Winters fire crews extinguish two-alarm fire on White Oak Lane

Winters Fire Department battled a two-alarm blaze garage fire on Monday, Feb. 16.
Winters Fire Department worked alongside other agencies to help clear out other flammable materials, clean up and secure the garage door after they put the fire out. Photo by Taylor Buley/Winters Express

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Winters Fire Department dispatched a crew of firefighters and Fire Captain Art Mendoza to respond to a residential structure fire on the 300 block of White Oak Lane on Monday, Feb. 17 at 10:37 p.m.

Mendoza said upon arrival Winters Police Department’s Sergeant Jose Hermosillo and Officer Alan Pinette had helped to evacuate the residents from the building.

Winters FD conducted a visual assessment and established the blaze was contained to the garage. Mendoza was able to access the attic to investigate further. Mendoza requested a second alarm and assistance from allied agencies and mutual aid partners; Winters PD, UC Davis Fire, West Plainfield Fire, Yolo Fire, Vacaville City Fire, Dixon Fire, and American Medical Response (AMR) ambulance who responded for medical standby for firefighters on the scene. Yocha Dehe Fire also responded but their call was canceled. Mendoza noted Vacaville Fire Protection District assisted at the Winters Fire Station while the crew was on scene.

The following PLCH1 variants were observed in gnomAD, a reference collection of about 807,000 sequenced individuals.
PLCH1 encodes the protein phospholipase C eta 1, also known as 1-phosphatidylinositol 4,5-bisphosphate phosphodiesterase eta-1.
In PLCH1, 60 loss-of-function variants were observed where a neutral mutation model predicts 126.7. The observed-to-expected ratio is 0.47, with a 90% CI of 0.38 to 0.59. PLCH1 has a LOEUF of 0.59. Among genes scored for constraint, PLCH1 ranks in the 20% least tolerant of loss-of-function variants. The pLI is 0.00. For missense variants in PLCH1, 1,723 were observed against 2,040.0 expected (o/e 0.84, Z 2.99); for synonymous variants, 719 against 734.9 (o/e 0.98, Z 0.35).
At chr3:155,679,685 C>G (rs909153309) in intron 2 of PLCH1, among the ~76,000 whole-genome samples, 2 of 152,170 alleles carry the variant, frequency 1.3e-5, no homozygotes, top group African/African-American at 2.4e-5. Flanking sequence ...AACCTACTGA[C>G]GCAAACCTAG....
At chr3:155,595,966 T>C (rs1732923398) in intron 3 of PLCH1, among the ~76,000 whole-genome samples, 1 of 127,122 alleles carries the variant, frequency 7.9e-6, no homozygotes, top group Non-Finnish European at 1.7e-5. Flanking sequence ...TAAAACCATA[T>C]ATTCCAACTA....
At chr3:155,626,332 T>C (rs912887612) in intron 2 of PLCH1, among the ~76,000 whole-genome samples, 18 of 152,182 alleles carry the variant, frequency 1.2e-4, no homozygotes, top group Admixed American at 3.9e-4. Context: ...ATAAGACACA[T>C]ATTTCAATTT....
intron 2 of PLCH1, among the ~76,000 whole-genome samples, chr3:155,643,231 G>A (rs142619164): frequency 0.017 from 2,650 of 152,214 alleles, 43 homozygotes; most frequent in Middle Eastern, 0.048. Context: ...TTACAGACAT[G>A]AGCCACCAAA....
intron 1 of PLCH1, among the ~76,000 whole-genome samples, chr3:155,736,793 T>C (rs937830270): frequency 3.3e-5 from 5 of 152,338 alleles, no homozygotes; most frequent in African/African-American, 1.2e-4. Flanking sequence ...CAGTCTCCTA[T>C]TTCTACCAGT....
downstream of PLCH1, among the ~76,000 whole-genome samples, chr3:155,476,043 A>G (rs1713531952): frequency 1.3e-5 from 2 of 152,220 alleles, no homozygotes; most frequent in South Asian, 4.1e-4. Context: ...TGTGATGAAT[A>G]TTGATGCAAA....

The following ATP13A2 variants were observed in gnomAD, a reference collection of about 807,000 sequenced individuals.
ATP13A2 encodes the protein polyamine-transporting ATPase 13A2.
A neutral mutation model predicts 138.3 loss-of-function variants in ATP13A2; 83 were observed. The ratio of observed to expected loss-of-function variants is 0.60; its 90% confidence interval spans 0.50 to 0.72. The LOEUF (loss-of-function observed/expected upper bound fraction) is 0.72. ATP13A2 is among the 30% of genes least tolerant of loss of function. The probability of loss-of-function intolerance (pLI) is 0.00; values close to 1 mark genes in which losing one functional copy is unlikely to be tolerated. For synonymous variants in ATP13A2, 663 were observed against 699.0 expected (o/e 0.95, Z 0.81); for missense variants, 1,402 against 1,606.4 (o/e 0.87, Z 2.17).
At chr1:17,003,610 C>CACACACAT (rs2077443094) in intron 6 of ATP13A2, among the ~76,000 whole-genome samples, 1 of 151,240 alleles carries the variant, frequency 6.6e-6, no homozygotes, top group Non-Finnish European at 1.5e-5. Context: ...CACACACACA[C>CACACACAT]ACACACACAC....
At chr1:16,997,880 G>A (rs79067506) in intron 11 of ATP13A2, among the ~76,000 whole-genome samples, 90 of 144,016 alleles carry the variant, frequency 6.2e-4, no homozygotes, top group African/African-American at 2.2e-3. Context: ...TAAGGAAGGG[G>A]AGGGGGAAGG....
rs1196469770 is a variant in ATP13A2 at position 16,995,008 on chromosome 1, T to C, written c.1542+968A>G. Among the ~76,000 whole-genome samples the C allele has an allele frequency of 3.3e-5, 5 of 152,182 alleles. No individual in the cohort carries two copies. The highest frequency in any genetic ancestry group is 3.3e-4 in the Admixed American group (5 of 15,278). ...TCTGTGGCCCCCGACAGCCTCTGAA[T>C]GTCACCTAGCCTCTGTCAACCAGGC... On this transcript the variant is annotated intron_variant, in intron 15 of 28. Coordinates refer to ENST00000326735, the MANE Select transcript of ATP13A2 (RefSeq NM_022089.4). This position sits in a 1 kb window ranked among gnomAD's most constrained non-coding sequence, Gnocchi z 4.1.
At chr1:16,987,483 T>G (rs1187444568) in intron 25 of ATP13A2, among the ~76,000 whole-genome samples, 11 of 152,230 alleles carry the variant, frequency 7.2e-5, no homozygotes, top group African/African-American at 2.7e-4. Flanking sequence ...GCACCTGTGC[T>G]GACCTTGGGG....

Mendoza confirmed Winters resident and Marysville Fire Department Fire Chief, Ron Karlen, was also on scene to assist.

“He’s (Karlen) always been a member of our department even after he left,” Mendoza said. “He assisted with overhead advice and was another chief on scene to help.”

According to Mendoza the flames were extinguished a little after 11 p.m., but crews stayed on scene to help remove materials from the garage to prevent them from rekindling and to help clean up. Winters FD also brought a board from the station to

help board up access to the garage since the garage door was used as the access point to battle the blaze.

Mendoza said there were no injuries to residents or fire crews. Damage from the fire was mainly in the garage, and smoke and soot damage was minimal inside the rest of the house.

He gave credit to the collaboration between the different crews working together. Mendoza mentioned having different fire crews train together makes a different when it comes to working together to fight a fire.

“We all have a job to do and it worked out perfectly. That’s why we train with each other,” Mendoza said. “We’re like a symphony. We really gel. We all know our assignments and we go from there.”

He said having multiple crews and firefighters on scene helped to make the process run better.

Mendoza noted when one crew is ready to refill their air tanks and recharge, another crew goes in fresh and ready.

“It takes a lot. You have to take a break to change out the air bottle,” said Mendoza. “It’s helpful because we rotate in and out. It’s very tough on the body.”

He also noted the neighbors and community members were supportive to the family and helped to keep the children away from the elements of the fire.

“That’s Winters. We help each other out and that lets us do our job,” Mendoza said.

The cause of origin of the fire is still under investigation.

Mendoza confirmed that it started in the garage.


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